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The Teens for Food Justice/ Sun Club Farm
At DeWitt Clinton Campus High School

TFFJ Teens constructing hydroponic growing systems at DeWitt Clinton HS. The new TFFJ/Sun Club farm will grow over 25,000 pounds of nutritious produce annually.

At the brand-new Teens for Food Justice/Sun Club Farm at DeWitt Clinton High School, we're teaching students key skills for reducing their environmental impact and providing them with critical tools to build healthy futures through sustainable urban agriculture. DeWitt Clinton High School Campus students have built a classroom-based, vertical hydroponic farm in an unused third-floor lab in the school building, under the guidance of Teens for Food Justice's hydroponic specialist and farm team.

Teens for Food Justice has partnered with Green Mountain Energy Sun Club to ensure universal equitable access to healthy, fresh, affordable food. 

At the TFFJ/Sun Club Farm, students will grow more than 25,000 lbs of produce annually to feed their entire school and its 1,300 students daily and the local community on an ongoing basis, while mastering key STEM concepts and skills needed in a green workforce economy.

Students harvest the food grown in the farm and lead a distribution program for the produce to get to the school cafeteria on a daily basis.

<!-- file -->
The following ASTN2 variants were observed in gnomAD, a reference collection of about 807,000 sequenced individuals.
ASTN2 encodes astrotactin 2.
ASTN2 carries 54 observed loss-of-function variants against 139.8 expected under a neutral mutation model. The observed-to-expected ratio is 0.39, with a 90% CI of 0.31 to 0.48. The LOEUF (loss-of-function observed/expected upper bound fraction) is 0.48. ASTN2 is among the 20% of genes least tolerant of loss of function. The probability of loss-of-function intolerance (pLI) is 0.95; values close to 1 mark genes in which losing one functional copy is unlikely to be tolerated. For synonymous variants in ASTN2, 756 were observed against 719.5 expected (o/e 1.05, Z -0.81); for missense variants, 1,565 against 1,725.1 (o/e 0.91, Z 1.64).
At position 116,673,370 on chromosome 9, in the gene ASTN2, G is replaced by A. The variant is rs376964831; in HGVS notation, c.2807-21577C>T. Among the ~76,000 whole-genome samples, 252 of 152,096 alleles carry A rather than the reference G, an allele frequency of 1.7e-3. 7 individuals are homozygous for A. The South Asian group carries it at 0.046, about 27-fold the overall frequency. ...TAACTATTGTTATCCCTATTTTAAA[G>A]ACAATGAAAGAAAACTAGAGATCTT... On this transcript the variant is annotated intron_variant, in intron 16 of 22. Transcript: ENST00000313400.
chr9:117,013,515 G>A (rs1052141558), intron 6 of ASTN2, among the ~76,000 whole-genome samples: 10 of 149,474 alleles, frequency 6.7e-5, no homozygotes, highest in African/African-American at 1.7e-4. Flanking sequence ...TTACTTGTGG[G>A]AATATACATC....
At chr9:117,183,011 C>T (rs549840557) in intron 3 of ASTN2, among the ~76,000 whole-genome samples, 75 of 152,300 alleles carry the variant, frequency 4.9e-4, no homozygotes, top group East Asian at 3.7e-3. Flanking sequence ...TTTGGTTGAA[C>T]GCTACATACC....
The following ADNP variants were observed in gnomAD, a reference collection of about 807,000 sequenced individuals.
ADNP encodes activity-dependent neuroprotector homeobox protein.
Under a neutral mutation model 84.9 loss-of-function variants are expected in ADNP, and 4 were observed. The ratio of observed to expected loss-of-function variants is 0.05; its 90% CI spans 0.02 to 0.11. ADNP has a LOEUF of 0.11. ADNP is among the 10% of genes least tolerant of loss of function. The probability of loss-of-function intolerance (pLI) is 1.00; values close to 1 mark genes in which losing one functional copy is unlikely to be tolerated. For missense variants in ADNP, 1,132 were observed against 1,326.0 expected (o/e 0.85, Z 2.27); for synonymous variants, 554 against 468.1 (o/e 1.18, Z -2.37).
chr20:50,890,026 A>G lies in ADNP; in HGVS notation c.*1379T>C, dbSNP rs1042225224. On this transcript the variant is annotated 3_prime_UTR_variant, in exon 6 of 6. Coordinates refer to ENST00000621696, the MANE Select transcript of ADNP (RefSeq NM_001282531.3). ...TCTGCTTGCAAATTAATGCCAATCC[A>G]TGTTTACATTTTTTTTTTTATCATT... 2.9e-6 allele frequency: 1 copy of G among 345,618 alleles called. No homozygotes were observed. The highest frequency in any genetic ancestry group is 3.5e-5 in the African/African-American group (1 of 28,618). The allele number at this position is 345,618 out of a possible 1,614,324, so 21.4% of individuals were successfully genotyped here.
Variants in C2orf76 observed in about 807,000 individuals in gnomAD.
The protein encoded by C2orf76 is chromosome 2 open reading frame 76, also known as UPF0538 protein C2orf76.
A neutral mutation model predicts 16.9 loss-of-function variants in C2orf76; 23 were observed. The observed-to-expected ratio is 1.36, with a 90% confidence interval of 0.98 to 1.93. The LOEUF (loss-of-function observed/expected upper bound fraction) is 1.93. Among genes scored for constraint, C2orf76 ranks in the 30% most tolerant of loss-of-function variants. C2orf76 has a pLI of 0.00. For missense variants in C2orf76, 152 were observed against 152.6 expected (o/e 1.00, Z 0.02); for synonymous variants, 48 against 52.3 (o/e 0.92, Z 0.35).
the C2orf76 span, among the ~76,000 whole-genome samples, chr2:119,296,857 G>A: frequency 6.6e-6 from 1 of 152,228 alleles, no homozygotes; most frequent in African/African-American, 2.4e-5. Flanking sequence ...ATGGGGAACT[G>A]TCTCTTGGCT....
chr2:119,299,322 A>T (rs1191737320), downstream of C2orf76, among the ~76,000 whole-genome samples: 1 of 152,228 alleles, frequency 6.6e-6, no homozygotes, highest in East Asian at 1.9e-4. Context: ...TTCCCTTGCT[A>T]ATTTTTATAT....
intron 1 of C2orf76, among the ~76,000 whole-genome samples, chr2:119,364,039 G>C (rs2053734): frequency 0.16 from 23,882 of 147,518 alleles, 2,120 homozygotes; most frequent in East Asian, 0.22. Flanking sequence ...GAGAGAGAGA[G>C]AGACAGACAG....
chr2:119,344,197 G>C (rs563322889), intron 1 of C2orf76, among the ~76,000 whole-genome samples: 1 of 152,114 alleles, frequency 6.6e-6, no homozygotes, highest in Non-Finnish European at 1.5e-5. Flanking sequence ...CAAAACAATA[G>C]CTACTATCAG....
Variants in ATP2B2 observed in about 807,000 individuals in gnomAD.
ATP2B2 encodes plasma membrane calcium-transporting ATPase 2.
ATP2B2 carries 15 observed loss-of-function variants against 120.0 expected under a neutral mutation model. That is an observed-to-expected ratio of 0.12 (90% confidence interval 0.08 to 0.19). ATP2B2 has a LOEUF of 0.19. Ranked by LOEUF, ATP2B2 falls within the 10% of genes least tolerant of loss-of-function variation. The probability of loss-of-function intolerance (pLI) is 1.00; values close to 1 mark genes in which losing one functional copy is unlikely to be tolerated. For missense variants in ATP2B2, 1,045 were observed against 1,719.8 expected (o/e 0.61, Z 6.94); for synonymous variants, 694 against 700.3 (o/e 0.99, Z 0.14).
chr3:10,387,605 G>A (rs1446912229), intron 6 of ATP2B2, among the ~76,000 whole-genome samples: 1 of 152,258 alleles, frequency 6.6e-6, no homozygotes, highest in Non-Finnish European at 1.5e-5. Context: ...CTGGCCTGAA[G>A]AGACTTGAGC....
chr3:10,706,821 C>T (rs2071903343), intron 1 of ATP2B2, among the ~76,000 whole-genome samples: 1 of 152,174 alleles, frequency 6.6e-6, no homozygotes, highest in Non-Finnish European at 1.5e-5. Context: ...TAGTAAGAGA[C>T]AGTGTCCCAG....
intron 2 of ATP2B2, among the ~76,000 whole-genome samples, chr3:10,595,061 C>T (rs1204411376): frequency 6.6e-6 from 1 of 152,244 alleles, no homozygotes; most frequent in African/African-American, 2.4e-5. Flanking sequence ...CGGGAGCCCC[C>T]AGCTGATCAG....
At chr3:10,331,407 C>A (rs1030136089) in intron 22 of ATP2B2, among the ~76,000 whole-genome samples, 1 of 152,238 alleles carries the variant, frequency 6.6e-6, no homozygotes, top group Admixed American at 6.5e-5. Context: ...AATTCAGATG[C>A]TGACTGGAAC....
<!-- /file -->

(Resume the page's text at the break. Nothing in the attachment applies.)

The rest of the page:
Secondly, produce will be sold affordably within the local community in collaboration with other school-based partners, such as the Montefiore School Health Program and Good Shepherd Services

Green Mountain Energy Sun Club donated $126,870.00, which paid for all construction, system and equipment and programmatic costs for a new 1,300 sq/ft high-capacity indoor hydroponic farm at DeWitt Clinton,  a Title I school located in one of the most food insecure communities in NYC.

Through high-tech indoor farming, our students will be building a more sustainable future: reducing  water consumption to .25 gallons per head of lettuce compared to over 4 gallons per head when using traditional agricultural methods, and completely avoiding the use of herbicides, insecticides, fungicides. They’re also cutting food miles through growing and distributing their hyper-local produce, eliminating the energy use for transporting produce from farm to the school cafeteria and building a local foodscape that serves the community.

Additionally, Sun Club funding enables the students, through the after school program, to coordinate and run outreach projects around good nutrition and healthy lifestyle choices that will educate the school’s families in these topics and build community health within the greater population where the food is distributed.

Empowering Teens Feeding Communities Building a Healthy Sustainable Future